I won’t fail my mother.

    I dipped my head respectfully. “I humbly request entrance to the Shogunate’s city, so that I may test my martial value.”

    “Family name,” he demanded.

    I looked into his helmet and said, “None.”

    From the way his eyes crinkled, I’m guessing his lips curled to summon a cursed word. “Clanless.”

    I let silence ring.

    He scoffed at me. “That explains your disheveled appearance and ignorance. No head would allow such an unsightly reflection of himself. Return to where you hail from, masterless warrior. You are of no consequence.”

    I stared at the guard, keeping my face impassive. Then said, “I am not without a master.”

    Eyes over the silver mouthpiece remained dismissive as he asked, “Under whose name do you act?”

    I smiled and hooked a thumb at myself. “Kazumi.”

    His eyes widened at my brazen claim, then narrowed. “You tax my dwindling patience. An errant girl with a sword has no place here. I will not permit your bothersome presence.”

    “Shall I report to any and all, then, that the grand capital city which houses strength above all others, turned me away in ignorant fear?”

    “Hold your tongue, wench,” he snapped, crouching, hand grasping the hilt of his sword. The two behind him mirrored this. I heard the shuffling of feet scraping against the walls above.

    My heart sped, the weaknesses of the group before me glaring bright as I formed my words. I became aware the samurai most left of me had been slowest to his stance, and that I could take him out quickly if I prevented the leader from drawing his sword. The leader would be my shield against the final samurai. I would strike them both as they shuffled around one another in their protective gear.

    My mind told me these things without my order, but I would rather avoid a fight at the moment. It wouldn’t do any good to claim that I arrived to help. They don’t know what I know. I had to convince the guard I was worthy.

    I lifted my chin and reached back into my sash, a smile creeping on me as the tension thickened. I grasped the cloth I kept tied around my waist, where it was most useful to me. I pulled on it.

    From between my sash and robes came a long collection of cloth strips tied to another, coloring green, blue, white, red and more. Symbols of the sun, of trees, mountains and fish adorned them. Many times had this cloth been wrapped around me. I spun my arms in half circles as I unfurled it.

    Their eyes had gone wider and wider as I continued, and likewise had my smile. As any samurai, I do savor the chance to level a prideful boast at an audience. It’s an addictive rush of powerful feeling that rings in the soul.

    I spoke in a most daring voice. “I have entered more than a dozen schools that claimed their routes from this city, and left the prized student of each dojo crumpled before the weight of my prowess. Fellow disciples who attacked me for my victories were defeated as well. I have dueled praised samurai in honorable combat, and bested them.”

    I fished the last of the cloth, dozens of knots weaving headbands of the defeated. I held the collection in my hands, contained in a lumpy fold.

    I raised the colorful array overhead, and the three flinched back as one. “I fearlessly stand before this city of warriors in challenge! You cannot deny me!”

    I stared unbended, keeping my expression of fierce confidence as my body shook in excitement of the presentation, anticipation of combat, and hunger.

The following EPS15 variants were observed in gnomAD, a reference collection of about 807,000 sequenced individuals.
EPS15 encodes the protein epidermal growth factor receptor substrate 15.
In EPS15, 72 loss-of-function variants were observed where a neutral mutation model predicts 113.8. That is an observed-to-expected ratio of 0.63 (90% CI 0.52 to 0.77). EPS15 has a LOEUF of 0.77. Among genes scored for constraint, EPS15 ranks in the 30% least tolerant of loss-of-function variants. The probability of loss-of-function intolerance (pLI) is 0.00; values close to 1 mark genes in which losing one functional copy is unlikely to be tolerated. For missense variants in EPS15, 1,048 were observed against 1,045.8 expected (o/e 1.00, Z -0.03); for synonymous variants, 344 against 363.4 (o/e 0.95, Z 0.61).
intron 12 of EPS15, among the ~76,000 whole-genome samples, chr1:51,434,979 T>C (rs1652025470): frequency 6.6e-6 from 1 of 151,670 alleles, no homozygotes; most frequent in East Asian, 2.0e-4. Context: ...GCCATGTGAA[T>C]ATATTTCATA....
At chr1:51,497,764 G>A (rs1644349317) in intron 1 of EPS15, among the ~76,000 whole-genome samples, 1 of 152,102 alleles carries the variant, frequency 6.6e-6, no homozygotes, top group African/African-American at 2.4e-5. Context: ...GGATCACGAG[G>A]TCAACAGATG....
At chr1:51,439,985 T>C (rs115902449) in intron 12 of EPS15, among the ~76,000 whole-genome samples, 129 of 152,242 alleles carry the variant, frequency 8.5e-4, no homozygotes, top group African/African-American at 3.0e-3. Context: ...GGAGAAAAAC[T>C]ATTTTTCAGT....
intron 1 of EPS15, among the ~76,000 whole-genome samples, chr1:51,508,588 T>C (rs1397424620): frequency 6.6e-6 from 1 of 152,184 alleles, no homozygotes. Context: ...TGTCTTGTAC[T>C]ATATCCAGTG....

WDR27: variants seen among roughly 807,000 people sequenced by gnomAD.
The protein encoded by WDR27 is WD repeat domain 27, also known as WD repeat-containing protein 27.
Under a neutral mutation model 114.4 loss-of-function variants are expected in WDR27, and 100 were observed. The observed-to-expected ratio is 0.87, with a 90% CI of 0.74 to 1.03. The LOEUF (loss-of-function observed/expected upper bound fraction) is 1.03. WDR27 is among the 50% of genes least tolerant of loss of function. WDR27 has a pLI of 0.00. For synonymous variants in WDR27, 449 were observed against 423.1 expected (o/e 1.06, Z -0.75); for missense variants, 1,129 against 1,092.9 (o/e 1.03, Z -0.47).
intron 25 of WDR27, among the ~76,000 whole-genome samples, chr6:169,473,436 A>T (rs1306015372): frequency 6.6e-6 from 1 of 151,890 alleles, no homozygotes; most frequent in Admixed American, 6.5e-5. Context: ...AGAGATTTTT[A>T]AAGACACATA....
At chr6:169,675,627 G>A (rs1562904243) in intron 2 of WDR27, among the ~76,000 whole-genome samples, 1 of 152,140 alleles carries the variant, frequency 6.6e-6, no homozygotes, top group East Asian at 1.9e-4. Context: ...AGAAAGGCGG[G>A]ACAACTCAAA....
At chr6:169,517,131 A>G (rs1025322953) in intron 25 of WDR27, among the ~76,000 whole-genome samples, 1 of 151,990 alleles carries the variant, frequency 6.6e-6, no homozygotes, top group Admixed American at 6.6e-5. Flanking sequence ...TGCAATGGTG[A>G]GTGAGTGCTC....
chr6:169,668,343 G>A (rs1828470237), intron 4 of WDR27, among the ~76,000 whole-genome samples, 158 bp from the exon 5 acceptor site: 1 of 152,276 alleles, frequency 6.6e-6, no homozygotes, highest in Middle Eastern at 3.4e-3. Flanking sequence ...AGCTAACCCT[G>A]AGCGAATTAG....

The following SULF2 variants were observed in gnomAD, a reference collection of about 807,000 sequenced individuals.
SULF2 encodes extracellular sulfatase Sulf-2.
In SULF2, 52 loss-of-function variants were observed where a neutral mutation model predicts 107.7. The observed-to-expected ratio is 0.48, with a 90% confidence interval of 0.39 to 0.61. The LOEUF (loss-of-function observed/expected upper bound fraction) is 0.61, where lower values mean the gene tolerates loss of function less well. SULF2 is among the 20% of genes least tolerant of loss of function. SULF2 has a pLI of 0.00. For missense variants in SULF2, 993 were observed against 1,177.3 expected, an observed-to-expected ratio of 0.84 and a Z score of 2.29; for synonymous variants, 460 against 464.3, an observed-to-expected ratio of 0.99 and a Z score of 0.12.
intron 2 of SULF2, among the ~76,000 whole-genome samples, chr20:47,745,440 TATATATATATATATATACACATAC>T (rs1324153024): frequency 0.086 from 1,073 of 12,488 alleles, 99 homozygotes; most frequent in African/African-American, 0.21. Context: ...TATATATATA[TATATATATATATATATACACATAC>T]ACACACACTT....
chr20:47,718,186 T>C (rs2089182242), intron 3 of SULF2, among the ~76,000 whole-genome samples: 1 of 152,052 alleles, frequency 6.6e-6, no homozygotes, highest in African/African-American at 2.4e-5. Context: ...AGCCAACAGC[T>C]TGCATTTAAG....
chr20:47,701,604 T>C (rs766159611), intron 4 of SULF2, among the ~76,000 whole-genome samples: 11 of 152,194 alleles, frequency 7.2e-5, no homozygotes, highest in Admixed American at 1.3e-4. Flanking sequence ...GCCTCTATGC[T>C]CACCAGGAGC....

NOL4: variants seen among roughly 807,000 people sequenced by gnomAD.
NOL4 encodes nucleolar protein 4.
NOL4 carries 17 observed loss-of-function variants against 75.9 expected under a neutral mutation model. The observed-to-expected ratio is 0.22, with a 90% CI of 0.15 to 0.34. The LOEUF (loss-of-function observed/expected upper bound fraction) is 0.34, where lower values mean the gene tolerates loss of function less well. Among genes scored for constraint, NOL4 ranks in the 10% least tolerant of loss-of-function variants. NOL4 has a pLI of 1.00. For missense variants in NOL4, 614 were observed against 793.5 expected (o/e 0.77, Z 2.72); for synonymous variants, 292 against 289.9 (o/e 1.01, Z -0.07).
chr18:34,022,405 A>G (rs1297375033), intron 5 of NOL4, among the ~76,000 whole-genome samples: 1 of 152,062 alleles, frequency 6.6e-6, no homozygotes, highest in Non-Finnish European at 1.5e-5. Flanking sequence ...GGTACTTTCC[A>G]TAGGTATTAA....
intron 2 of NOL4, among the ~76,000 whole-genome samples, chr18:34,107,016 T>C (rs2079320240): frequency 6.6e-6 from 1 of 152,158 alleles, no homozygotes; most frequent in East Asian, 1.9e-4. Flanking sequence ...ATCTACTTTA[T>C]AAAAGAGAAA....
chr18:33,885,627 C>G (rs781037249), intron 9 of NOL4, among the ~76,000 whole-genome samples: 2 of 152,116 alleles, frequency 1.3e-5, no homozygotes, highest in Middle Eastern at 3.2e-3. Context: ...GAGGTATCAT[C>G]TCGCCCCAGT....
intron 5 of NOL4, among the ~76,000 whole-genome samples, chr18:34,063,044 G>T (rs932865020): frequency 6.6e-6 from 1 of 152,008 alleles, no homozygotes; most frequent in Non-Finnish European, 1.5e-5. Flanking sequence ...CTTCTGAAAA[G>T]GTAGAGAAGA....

Vindication may have caused it, but I’m certain a trickle of sweat rolled down the redband’s nose. The other two broke from staring at me to trade glances of concern.

    The guard relaxed his stance. He dipped his head. “You are correct, Kazumi. Questionable as your lineage may be, I cannot deny your prestige. Only a true samurai could have amassed such a testament of skill.”

    He drew a long, wooden whistle from his side and raised it to his lips, fitting it through a slot in his mask. It birthed a deep tone, joined seconds after by two separate, lighter notes.

    I heard the rustle of chains before the fanged gate moved. The demonic face split outward with a ghastly exhale of breath.

    The guards clasped their hands and bowed lightly. “Edo welcomes you, Sword Saint.”

    I returned the gesture of respect. “Thank-you.”

    They stood aside for me. As I passed, the redband said, “You need not want for opponents here. Many worthy challengers will surely seek you out.”

    I gave a polite smile and thought, Perhaps the assassin will come to me.

    I entered the city. Somewhere within these high walls, a malevolent spirit had taken root, tainting the air, sowing strife and spreading torment with its quiet presence of dread.

    And I had to save it.

  13. Sermon Hermiton 01 Feb 2013 at 10:20 pm

    Likely the final revision.

    When Souls Scream

    “Sure you wanna get off here, Miss?” The driver lowered his voice. “Word has it the city’s gone mad.”

    I jerked the headband from my eyes, then stood, peering at the branches of dirt road.

    “You just want more fare from me, right?” I asked, reaching behind me, slipping my sword through the sash.

    He glanced back at the cart inhabited only by me. “Most folks headed away from this area. Maybe got sense that you don’t, Miss.”

    I tightened the blue silk sash around my waist, making the bow wide as hawk wings.

    The driver’s word rang in my ears. Considering that in all of Yamato, I alone understood the precarious situation, and still ran headlong into it, I couldn’t refute his claim.

    With all my worldly possessions, I vaulted onto the road.

    Before my feet touched ground, the horse neighed, a loud and violent defiance. I heard the reins whipping before I spun; they’d been ripped from human hands.